The past, present and future do not look good for Caterpillar as low construction activity and oil prices hit earnings.
Caterpillar released the latest figures for Fourth-quarter 2014:
Sales and revenues of $14.244 billion, slightly down from $14.402 billion in the fourth quarter of 2013.
Profit per share $1.23, compared with profit per share of $1.54 in the fourth quarter of 2013.
Due to the strong dollar, U.S companies working in the weaker global economy are not being able to offer competitive deals. Additionally, oil price reductions, down 50% in the last 6 months, are affecting not just energy producers but the whole integrated industry; Caterpillar is being pommelled by this negative two-pronged attack and the quarterly results demonstrate the struggle. The company noted that, “Current oil prices are a significant headwind for Energy & Transportation and negative for our construction business in the oil producing regions of the world.”
As the global housing market slows down, especially in China; as sanctions on Russia start to hit the bottom-line of exporters to Putin’s economy; as commodity prices fall – expectations for the future are also grim for Caterpillar. As Caterpillar Chairman and Chief Executive Officer Doug Oberhelman says, “Prices for key mined commodities, particularly copper, coal and iron ore, declined in 2014. Weakening commodity prices, along with improved mine productivity, led to lower sales for Resource Industries. We haven’t seen evidence of an upturn in equipment orders yet—and sales of mining equipment remain depressed.”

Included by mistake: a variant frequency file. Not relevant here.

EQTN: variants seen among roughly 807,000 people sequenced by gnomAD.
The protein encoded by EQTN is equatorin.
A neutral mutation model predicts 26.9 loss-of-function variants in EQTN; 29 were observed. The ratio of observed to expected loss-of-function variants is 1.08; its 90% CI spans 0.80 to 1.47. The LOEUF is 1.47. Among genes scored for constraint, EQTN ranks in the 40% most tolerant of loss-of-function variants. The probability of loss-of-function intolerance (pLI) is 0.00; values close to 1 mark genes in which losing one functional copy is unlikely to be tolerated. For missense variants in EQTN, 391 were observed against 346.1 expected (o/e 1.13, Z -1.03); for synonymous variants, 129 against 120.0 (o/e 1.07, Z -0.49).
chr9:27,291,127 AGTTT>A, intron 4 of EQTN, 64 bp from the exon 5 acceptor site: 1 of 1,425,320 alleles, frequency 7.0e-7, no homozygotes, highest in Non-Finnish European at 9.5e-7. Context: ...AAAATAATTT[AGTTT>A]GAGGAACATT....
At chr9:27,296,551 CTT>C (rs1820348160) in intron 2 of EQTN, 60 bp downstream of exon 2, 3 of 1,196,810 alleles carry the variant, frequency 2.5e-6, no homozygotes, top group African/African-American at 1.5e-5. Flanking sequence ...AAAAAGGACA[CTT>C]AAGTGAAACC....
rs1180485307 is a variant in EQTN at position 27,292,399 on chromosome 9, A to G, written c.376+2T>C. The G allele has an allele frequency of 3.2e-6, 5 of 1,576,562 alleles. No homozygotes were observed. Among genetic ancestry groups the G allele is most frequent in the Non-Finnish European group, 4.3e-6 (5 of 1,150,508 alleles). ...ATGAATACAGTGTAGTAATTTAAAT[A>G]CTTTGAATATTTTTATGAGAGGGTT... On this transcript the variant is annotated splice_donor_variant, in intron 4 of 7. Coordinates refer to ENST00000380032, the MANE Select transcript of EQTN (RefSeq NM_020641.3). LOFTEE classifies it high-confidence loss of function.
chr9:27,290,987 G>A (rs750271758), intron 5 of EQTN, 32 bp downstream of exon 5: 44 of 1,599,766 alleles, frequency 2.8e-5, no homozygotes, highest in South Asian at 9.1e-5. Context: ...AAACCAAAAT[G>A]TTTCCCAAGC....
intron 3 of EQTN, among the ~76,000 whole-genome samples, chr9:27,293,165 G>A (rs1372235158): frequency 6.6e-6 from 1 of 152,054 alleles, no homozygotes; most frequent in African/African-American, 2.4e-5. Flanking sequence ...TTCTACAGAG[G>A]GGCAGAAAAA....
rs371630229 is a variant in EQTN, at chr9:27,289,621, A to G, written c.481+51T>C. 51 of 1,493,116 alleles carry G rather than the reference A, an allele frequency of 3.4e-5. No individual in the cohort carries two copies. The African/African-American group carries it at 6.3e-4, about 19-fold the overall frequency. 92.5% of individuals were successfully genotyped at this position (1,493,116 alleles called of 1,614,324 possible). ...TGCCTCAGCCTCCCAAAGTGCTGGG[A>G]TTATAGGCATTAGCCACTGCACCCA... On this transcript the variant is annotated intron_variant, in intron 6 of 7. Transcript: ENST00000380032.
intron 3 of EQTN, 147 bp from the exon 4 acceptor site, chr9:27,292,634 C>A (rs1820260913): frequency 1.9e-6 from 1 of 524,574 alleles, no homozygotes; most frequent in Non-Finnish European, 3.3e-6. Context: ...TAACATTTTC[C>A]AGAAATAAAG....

Monday’s close of market showed the lowest share price for Caterpillar for 12 months as shares plummeted in the first minutes of trading to $79.47 and currently stand at $79.63. This extended the fall that Caterpillar had seen over the last 3 months where the firm had already lost $20 share price despite a management buy-back of stock worth $4.2 billion.
The future for Caterpillar is also negative according to the firm’s expectations of global economic growth: “We expect world economic growth to only improve modestly in 2015. The relatively slow growth in the world economy and continued weakness in commodity prices—particularly oil, copper, coal and iron ore—are expected to be negative for our sales. We expect sales and revenues in 2015 to be about $50 billion.”
A major part of Caterpillar’s maintenance package to keep the company afloat is its restructuring activities, undertaken in the last two years and “designed to lower our long-term cost structure.” More are anticipated for 2015: “In total, we expect the cost of these restructuring actions in 2015 to be about $150 million or about $0.15 per share. Our profit outlook for 2015 is about $4.60 per share, or $4.75 per share excluding restructuring costs.”
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